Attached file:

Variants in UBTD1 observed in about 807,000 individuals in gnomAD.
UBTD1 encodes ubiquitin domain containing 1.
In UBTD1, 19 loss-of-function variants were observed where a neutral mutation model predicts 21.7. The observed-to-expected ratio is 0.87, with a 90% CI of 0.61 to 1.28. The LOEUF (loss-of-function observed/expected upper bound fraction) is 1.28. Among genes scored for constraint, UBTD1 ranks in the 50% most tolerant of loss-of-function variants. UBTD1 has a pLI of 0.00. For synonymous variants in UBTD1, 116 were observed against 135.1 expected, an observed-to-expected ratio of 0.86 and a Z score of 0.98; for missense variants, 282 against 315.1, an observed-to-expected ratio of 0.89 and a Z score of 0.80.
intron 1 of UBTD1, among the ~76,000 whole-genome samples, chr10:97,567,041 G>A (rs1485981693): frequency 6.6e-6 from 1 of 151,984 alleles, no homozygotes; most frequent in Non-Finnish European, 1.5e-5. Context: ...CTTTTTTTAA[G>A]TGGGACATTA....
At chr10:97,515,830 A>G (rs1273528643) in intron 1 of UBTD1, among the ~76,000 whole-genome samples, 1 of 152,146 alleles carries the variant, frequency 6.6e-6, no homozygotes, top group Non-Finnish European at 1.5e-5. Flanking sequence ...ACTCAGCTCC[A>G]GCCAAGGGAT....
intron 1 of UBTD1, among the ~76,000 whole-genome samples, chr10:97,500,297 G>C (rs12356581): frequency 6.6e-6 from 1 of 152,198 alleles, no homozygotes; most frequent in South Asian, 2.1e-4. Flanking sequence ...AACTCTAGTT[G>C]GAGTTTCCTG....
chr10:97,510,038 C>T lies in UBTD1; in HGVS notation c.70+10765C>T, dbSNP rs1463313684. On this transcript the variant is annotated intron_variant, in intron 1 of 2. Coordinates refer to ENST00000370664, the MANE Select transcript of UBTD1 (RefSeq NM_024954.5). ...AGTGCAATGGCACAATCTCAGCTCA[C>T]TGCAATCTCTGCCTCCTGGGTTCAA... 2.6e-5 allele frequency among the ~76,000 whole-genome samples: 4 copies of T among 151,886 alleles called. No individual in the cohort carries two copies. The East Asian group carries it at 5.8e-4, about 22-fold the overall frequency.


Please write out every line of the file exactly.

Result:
Variants in UBTD1 observed in about 807,000 individuals in gnomAD.
UBTD1 encodes ubiquitin domain containing 1.
In UBTD1, 19 loss-of-function variants were observed where a neutral mutation model predicts 21.7. The observed-to-expected ratio is 0.87, with a 90% CI of 0.61 to 1.28. The LOEUF (loss-of-function observed/expected upper bound fraction) is 1.28. Among genes scored for constraint, UBTD1 ranks in the 50% most tolerant of loss-of-function variants. UBTD1 has a pLI of 0.00. For synonymous variants in UBTD1, 116 were observed against 135.1 expected, an observed-to-expected ratio of 0.86 and a Z score of 0.98; for missense variants, 282 against 315.1, an observed-to-expected ratio of 0.89 and a Z score of 0.80.
intron 1 of UBTD1, among the ~76,000 whole-genome samples, chr10:97,567,041 G>A (rs1485981693): frequency 6.6e-6 from 1 of 151,984 alleles, no homozygotes; most frequent in Non-Finnish European, 1.5e-5. Context: ...CTTTTTTTAA[G>A]TGGGACATTA....
At chr10:97,515,830 A>G (rs1273528643) in intron 1 of UBTD1, among the ~76,000 whole-genome samples, 1 of 152,146 alleles carries the variant, frequency 6.6e-6, no homozygotes, top group Non-Finnish European at 1.5e-5. Flanking sequence ...ACTCAGCTCC[A>G]GCCAAGGGAT....
intron 1 of UBTD1, among the ~76,000 whole-genome samples, chr10:97,500,297 G>C (rs12356581): frequency 6.6e-6 from 1 of 152,198 alleles, no homozygotes; most frequent in South Asian, 2.1e-4. Flanking sequence ...AACTCTAGTT[G>C]GAGTTTCCTG....
chr10:97,510,038 C>T lies in UBTD1; in HGVS notation c.70+10765C>T, dbSNP rs1463313684. On this transcript the variant is annotated intron_variant, in intron 1 of 2. Coordinates refer to ENST00000370664, the MANE Select transcript of UBTD1 (RefSeq NM_024954.5). ...AGTGCAATGGCACAATCTCAGCTCA[C>T]TGCAATCTCTGCCTCCTGGGTTCAA... 2.6e-5 allele frequency among the ~76,000 whole-genome samples: 4 copies of T among 151,886 alleles called. No individual in the cohort carries two copies. The East Asian group carries it at 5.8e-4, about 22-fold the overall frequency.